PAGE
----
With its goals and targets, the Global Biodiversity Framework has set the direction for business when it comes to biodiversity and nature. But what should businesses focus on, and where can they start?
This technical working paper explores potential design principles for the development of scalable voluntary biodiversity credits and discusses the challenges in delivering high integrity positive outcomes.
Many approaches to monitoring great apes exist, but there is no such thing as a ‘best survey method’. Approaches should consider which method is best suited to a given context and question, and based on the resources available.
Nature positive is intuitive, appealing and apparently simple. But while the concept may seem simple, achieving it is not. Moving towards nature positive will mean transformative shifts - for companies and the economic systems in which they operate.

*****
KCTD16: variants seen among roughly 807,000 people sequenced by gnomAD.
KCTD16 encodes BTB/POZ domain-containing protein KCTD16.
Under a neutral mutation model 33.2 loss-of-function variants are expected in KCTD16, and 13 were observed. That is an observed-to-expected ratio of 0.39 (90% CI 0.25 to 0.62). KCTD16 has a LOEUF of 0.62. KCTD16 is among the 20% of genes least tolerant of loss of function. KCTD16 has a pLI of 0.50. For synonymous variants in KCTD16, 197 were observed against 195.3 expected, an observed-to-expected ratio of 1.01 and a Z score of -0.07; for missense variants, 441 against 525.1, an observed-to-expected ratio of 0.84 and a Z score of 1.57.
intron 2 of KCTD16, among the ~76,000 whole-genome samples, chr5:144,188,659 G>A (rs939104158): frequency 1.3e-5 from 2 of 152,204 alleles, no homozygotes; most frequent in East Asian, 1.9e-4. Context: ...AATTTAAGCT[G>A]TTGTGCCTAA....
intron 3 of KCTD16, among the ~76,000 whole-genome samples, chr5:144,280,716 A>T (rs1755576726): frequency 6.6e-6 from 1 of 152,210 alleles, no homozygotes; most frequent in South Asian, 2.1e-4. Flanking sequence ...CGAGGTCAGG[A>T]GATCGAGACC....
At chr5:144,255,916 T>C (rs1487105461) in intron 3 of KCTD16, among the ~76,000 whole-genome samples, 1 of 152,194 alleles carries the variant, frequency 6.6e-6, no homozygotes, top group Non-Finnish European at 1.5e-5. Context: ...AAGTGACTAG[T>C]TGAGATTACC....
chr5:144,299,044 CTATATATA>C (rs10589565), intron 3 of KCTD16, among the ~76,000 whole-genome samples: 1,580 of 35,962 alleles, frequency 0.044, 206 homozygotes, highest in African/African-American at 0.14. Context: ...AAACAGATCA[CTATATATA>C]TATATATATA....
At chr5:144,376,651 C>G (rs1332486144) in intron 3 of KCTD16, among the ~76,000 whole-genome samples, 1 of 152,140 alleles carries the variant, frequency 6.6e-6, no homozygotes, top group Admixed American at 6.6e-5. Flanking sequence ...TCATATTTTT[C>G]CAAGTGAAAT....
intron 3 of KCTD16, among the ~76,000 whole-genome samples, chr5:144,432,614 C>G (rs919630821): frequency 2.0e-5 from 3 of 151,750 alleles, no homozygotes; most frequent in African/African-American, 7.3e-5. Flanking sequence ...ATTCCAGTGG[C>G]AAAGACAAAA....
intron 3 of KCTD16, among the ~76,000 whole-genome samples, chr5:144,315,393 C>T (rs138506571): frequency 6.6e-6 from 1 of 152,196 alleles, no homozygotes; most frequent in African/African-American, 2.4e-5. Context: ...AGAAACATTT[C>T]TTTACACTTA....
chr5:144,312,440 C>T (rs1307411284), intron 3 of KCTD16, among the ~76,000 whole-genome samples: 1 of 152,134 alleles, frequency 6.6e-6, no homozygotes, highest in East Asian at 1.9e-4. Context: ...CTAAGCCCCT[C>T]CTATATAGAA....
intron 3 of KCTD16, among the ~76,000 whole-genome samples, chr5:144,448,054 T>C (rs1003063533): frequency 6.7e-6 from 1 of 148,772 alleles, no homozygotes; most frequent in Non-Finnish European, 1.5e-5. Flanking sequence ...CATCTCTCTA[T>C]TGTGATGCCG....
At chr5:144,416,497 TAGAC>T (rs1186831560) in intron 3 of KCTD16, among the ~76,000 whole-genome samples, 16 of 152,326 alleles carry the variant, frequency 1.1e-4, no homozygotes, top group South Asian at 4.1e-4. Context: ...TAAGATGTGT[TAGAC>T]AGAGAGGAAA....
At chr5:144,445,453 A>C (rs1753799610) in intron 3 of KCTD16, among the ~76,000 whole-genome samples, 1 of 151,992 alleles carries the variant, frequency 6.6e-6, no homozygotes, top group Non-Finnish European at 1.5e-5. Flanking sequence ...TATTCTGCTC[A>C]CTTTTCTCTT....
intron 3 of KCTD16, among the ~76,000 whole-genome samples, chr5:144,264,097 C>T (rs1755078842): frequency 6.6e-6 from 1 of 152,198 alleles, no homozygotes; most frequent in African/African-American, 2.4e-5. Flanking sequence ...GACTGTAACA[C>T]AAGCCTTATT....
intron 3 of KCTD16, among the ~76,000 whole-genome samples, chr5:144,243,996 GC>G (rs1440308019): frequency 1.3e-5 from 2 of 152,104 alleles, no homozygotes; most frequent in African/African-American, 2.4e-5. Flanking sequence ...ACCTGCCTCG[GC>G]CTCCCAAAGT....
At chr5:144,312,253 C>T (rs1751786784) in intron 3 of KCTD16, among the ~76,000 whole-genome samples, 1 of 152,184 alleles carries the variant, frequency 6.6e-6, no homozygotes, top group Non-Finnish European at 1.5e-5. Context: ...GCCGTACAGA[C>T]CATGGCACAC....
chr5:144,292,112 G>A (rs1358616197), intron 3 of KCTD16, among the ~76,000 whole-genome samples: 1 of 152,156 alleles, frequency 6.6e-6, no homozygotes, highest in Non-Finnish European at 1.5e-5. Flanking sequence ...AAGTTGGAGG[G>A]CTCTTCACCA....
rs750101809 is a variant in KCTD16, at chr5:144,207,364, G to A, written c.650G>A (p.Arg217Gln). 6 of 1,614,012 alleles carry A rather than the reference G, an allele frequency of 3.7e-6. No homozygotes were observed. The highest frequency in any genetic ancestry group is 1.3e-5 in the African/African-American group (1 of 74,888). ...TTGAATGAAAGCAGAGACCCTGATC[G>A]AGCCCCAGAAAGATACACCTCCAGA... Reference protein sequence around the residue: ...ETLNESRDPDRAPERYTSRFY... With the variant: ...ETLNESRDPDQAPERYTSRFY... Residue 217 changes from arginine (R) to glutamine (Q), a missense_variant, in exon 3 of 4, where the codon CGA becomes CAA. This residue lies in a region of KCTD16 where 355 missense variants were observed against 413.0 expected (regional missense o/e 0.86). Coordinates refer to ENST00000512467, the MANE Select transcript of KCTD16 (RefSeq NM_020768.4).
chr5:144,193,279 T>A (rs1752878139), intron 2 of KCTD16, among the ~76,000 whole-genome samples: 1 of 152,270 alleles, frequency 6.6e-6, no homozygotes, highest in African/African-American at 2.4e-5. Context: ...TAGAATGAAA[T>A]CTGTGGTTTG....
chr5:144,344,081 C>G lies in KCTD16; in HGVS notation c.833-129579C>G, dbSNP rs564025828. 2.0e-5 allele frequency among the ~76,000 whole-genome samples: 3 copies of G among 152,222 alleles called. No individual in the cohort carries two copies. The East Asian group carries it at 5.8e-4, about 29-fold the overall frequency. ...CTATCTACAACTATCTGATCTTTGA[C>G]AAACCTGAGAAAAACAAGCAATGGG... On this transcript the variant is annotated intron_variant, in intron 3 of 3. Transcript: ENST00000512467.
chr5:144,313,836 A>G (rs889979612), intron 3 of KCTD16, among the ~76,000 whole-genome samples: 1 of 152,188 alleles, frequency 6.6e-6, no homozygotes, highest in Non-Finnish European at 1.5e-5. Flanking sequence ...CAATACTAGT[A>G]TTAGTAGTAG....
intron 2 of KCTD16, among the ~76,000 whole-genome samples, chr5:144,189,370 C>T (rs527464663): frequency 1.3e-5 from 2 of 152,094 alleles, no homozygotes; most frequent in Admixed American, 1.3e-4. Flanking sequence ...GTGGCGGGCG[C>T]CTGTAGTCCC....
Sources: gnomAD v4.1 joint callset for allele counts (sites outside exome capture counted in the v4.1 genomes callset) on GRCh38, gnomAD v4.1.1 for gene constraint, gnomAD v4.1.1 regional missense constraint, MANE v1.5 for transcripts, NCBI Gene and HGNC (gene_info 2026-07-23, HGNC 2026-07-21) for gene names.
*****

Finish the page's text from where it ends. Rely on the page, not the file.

Well-designed credit systems could help connect the surge in corporate interest in biodiversity with field-based conservation to unlock new and enhanced funding streams.
Whether a company is aware of its potential nature-related risks or just getting to grips with how it impacts and depends on biodiversity, the success of strategy, targets and actions will rely on the availability and quality of data.
A shared global goal and a new way of thinking about sustainability. Nature positive has set down roots in the business world and is laying out a challenge to those companies that want to lead on sustainability.
Global mining efforts require vast amounts of energy, most of which has historically been derived from fossil fuels such as diesel, heavy oils, and coal. The mining industry recognises it has a critical role to play in limiting...
Those in the business and biodiversity world will not have failed to notice a new phrase appear on the scene in recent months. A phrase that seems to signal a shift in nature’s place on the business sustainability agenda — broadening the ‘E’ in ESG.